To Flame’s inner vision appeared quite suddenly the pale, inscrutable face of the old Butler who asked nothing,—answered nothing,—welcomed nothing,—evaded nothing.”… Yes’m,” said Flame.

But it was a very frankly disconsolate little girl who stole late that night to her Father’s study, and perched herself high on the arm of his chair with her cheek snuggled close to his.

“Of Father-Funny,” whispered Flame, “I’ve got such a queer little pain.”

“A pain?” jerked her Father. “Oh dear me! Where is it? Go and find your Mother at once!”

“Mother?” frowned Flame. “Oh it isn’t that kind of a pain.—It’s in my Christmas. I’ve got such a sad little pain in my Christmas.”

“Oh dear me—dear me!” sighed her Father. Like two people most precipitously smitten with shyness they sat for a moment staring blankly around the room at every conceivable object except each other. Then quite suddenly they looked back at each other and smiled.

“Father,” said Flame. “You’re not of course a very old man…. But still you are pretty old, aren’t you? You’ve seen a whole lot of Christmasses, I mean?”

“Yes,” conceded her Father.

From the great clumsy rolling collar of her blanket wrapper Flame’s little face loomed suddenly very pink and earnest.

“But Father,” urged Flame. “Did you ever in your whole life spend a Christmas just exactly the way you wanted to? Honest-to-Santa Claus now,—did you ever?”

“Why—Why, no,” admitted her Father after a second’s hesitation. “Why no, I don’t believe I ever did.” Quite frankly between his brows there puckered”I agree with you … utterly, Father-Funny!” said Flame. “But … Father,” she persisted, “Of all the people you know in the world,—millions would it be?”

“No, call it thousands” corrected her Father.

“Well, thousands,” accepted Flame. “Old people, young people, fat people, skinnys, cross people, jolly people?… Did you ever in your life know any one who had ever spent Christmas just the way he wanted to?”

“Why … no, I don’t know that I ever did,” considered her Father. With his elbows on the arms of his chair, his slender fingers forked to a lovely Gothic arch above the bridge of his nose, he yielded himself instantly to the reflection. “Why … no, … I don’t know that I ever did,” he repeated with an increasing air of conviction…. “When you’re young enough to enjoy the day as a ‘holler’ day there’s usually some blighting person who prefers to have it observed as a holy day…. And by the time you reach an age where you really rather appreciate its being a holy day the chances are that you’ve got a houseful of racketty youngsters who fairly insist on reverting to the ‘holler’ day idea again.”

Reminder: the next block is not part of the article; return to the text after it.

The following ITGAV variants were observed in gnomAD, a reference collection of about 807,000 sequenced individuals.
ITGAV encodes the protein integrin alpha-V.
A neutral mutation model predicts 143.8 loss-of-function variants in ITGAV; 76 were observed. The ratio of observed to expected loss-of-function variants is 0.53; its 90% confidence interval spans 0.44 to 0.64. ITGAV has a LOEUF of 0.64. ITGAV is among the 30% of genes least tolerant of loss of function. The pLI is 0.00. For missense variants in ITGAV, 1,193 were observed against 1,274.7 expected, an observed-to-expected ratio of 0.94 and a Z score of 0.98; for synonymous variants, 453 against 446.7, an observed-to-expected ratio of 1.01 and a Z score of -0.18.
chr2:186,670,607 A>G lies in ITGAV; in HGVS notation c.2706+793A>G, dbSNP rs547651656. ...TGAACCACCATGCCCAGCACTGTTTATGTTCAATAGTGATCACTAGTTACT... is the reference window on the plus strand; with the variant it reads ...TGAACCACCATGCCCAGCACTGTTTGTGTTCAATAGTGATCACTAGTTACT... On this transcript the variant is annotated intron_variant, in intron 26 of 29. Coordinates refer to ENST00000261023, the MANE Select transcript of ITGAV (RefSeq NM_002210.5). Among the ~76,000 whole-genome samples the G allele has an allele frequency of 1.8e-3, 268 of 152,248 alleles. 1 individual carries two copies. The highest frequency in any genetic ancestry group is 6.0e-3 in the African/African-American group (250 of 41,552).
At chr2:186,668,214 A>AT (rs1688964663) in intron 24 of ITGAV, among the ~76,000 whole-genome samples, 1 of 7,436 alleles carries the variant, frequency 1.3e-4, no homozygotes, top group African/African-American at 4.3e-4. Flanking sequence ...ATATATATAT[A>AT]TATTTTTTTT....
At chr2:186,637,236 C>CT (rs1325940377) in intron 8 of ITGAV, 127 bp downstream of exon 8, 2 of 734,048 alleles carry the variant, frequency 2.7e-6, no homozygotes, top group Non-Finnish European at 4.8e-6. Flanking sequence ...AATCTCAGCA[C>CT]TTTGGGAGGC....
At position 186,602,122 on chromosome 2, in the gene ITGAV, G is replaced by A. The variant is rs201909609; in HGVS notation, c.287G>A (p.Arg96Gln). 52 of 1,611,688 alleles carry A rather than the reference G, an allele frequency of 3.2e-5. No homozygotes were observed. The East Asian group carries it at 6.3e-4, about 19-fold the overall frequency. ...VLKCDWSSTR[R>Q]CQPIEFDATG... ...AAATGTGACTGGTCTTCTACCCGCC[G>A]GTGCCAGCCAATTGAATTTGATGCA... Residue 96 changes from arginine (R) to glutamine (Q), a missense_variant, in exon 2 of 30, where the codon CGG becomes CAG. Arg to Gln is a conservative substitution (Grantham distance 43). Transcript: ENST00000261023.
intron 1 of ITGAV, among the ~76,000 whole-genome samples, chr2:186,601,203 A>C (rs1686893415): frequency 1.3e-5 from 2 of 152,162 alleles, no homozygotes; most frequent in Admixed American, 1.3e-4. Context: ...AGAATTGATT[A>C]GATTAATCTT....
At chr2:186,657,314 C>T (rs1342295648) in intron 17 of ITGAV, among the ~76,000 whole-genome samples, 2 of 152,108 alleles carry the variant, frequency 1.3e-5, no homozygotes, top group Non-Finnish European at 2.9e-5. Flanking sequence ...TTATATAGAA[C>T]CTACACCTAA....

“U—m—m,” encouraged Flame.

—”When you’re little, of course,” mused her Father, “you have to spend the day the way your elders want you to!… You crave a Christmas Tree but they prefer stockings! You yearn to skate but they consider the weather better for corn-popping! You ask for a bicycle but they had already found a very nice bargain in flannels! You beg to dine the gay-kerchiefed Scissor-Grinder’s child, but they invite the Minister’s toothless mother-in-law!… And when you’re old enough to go courting,” he sighed, “your lady-love’s sentiments are outraged if you don’t spend the day with her and your own family are perfectly furious if you don’t spend the day with them!… And after you’re married?” With a gesture of ultimate despair he sank back into his cushions. “N—o, no one, I suppose, in the whole world, has ever spent Christmas just exactly the way he wanted to!”

“Well, I,” triumphed Flame, “have got a chance to spend Christmas just exactly the way I want to!… The one chance perhaps in a life-time, it would seem!…With a crisp flutter of skirts Flame’s Mother, herself, appeared abruptly in the door. Her manner was very excited.

“Why wherever in the world have you people been?” she cried. “Are you stone deaf? Didn’t you hear the telephone? Couldn’t you even hear me calling? Your Uncle Wally is worse! That is he’s better but he thinks he’s worse! And they want us to come at once! It’s something about a new will! The Lawyer telephoned! He advises us to come at once! They’ve sent an automobile for us! It will be here any minute!… But whatever in the world shall we do about Flame?” she cried distractedly. “You know how Uncle Wally feels about having young people in the house! And she can’t possibly go to Aunt Minna’s till to-morrow! And….””But you see I’m not going to Aunt Minna’s!” announced Flame quite serenely. Slipping down from her Father’s lap she stood with a round, roly-poly flannel sort of dignity confronting both her parents. “Father says I don’t have to!”

“Why, Flame!” protested her Father.

“No, of course, you didn’t say it with your mouth,” admitted Flame. “But you said it with your skin and bones!—I could feel it working.”

“Not go to your Aunt Minna’s?” gasped her Mother. “What do you want to do?… Stay at home and spend Christmas with the Lay Reader?”